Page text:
Every DSLR gives you control over Aperture, Shutter and ISO. How easy it is to access those settings depends on the camera and its ergonomics. If it is mostly shooting in Manual, and speed of handling that is important, then a camera with dual input dials makes things a lot quicker, forefinger to change Aperture, and thumb to change Shutter, or vice versa. If buying any camera I would always suggest that one should try and feel different cameras to see which feels 'right', but that is harder to do with 2nd hand gear. The D90 available new I think, but other 10-12MP cameras will be 2nd hand.

As has been mentioned, if you have any old Nikon autofocus lenses, the you need the AF motor in the lens mount, which has/is in the mid to higher range Nikon DSLRs, otherwise all the lenses will be manual focus.

For the money, I'd be looking at the D200 or D300, with the D300 way better in almost every way to the D200. There are buttons a plenty to quickly change things because they were the Nikon Pro DX cameras of the time. But the D200 is cheaper, if older tech. Wink And if you want to dip your toes in, then it is a reasonable cost to check out. I have had a D300, and have a D300S, and it is a wonderful camera that can do almost anything. The D300S is lacking in very high ISO levels and resolution, but in many ways it is still the best DX camera Nikon have have done, and the D300 is very close to that.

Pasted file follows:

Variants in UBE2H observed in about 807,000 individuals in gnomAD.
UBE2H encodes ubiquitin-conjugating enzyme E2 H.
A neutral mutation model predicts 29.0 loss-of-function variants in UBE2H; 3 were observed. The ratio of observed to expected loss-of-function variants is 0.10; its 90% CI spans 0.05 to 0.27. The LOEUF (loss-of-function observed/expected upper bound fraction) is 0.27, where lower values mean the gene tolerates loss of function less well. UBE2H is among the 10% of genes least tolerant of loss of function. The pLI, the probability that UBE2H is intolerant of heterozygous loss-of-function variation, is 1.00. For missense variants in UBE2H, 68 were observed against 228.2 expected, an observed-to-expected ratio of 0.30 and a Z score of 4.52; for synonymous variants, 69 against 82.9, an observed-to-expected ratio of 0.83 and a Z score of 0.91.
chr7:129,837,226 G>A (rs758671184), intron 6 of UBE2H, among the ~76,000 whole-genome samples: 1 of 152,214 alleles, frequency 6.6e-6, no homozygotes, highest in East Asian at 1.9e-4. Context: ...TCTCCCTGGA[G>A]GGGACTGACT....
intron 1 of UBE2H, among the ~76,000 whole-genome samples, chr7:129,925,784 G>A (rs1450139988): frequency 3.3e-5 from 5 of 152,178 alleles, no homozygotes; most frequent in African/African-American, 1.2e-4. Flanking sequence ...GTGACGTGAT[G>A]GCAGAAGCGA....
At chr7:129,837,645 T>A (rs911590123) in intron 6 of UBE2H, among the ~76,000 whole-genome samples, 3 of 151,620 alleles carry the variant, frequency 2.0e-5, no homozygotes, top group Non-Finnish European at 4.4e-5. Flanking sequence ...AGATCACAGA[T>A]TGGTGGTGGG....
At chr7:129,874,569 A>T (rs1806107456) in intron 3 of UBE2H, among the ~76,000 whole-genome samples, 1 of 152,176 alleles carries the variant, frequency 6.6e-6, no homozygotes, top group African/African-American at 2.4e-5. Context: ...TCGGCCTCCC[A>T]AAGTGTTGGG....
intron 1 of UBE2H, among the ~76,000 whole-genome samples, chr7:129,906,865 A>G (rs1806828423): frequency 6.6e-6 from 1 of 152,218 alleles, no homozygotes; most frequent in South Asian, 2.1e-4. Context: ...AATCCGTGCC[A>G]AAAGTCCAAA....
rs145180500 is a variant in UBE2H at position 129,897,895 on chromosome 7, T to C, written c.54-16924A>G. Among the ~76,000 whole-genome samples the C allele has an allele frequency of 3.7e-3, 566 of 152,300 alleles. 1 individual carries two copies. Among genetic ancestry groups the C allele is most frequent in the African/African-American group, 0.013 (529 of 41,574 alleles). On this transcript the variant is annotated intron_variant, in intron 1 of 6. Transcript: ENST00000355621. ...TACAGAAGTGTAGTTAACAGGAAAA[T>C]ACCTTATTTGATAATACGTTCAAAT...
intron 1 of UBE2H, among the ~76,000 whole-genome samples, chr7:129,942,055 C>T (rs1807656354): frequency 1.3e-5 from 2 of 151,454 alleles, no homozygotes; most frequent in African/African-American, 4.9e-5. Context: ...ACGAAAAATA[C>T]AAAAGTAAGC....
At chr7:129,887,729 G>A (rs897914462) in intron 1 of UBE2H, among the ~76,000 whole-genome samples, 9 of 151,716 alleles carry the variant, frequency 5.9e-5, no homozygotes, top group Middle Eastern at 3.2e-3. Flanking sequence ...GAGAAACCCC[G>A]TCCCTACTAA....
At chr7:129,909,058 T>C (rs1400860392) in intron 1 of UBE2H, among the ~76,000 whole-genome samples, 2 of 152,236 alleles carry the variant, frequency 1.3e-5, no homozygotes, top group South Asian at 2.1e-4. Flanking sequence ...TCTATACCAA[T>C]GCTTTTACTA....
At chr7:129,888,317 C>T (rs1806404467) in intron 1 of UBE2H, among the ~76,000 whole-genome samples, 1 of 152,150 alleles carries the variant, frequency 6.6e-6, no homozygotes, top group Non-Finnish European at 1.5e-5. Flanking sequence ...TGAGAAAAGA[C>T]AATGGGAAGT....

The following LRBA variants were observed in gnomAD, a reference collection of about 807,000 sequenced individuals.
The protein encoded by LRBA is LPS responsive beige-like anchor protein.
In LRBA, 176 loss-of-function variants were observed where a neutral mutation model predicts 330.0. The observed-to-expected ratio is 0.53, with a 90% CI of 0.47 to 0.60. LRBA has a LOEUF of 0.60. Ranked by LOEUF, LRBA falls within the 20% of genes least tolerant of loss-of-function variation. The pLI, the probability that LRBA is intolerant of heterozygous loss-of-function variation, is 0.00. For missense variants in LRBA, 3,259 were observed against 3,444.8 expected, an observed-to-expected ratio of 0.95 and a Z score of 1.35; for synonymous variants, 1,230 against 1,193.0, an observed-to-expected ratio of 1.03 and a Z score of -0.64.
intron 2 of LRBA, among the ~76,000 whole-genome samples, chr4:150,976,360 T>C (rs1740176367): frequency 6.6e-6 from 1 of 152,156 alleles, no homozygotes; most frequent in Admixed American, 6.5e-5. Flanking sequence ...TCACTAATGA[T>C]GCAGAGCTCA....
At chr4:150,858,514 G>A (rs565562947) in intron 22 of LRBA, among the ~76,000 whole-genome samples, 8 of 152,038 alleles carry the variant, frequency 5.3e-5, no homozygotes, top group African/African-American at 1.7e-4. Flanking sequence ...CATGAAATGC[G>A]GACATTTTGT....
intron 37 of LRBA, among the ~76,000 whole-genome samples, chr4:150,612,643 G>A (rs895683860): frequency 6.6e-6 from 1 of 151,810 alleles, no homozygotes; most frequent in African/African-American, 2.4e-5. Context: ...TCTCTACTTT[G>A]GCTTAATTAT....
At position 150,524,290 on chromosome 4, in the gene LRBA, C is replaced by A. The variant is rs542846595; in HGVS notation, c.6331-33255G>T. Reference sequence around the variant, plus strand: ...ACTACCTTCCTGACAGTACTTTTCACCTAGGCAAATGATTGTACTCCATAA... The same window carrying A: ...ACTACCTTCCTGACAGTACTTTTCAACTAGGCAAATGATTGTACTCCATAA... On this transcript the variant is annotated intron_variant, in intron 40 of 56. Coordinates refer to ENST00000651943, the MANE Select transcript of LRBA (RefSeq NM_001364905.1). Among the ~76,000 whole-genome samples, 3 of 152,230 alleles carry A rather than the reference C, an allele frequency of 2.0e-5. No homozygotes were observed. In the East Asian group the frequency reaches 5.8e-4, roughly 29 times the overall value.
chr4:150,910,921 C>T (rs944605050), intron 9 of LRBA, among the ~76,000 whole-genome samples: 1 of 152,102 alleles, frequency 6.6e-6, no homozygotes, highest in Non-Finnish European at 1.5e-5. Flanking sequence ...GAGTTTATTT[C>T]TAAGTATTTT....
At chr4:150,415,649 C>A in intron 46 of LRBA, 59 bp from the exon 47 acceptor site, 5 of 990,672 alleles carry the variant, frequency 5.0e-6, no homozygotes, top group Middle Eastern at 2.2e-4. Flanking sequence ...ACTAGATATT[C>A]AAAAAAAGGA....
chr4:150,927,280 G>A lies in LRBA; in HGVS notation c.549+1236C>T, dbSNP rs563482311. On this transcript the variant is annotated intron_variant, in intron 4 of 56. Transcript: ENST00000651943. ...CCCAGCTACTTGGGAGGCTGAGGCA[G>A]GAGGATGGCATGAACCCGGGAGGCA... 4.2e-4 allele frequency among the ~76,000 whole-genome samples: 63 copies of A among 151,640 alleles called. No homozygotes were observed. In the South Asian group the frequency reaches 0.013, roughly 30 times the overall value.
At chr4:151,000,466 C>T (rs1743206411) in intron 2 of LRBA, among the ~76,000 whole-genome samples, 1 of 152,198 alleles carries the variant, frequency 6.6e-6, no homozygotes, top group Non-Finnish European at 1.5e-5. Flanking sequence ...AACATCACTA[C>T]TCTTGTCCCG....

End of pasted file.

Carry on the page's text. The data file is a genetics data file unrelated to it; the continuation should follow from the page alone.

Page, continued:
Look at CSCs, but go and try them out, because Electronic Viewfinders, and even no viewfinders, may not be for some. I know it's an optical viewfinder every time for me. And the reduction in size leads to some compromise in ergonomics imho. For some they are perfect though. Smile

Paul Morgan
Paul Morgan e2 Member 1315463 forum postsPaul Morgan vcard England6 Constructive Critique Points
1 Jul 2013 - 9:01 PM

Yes we all know that, but very few have similar controls.

MichaelMelb_AU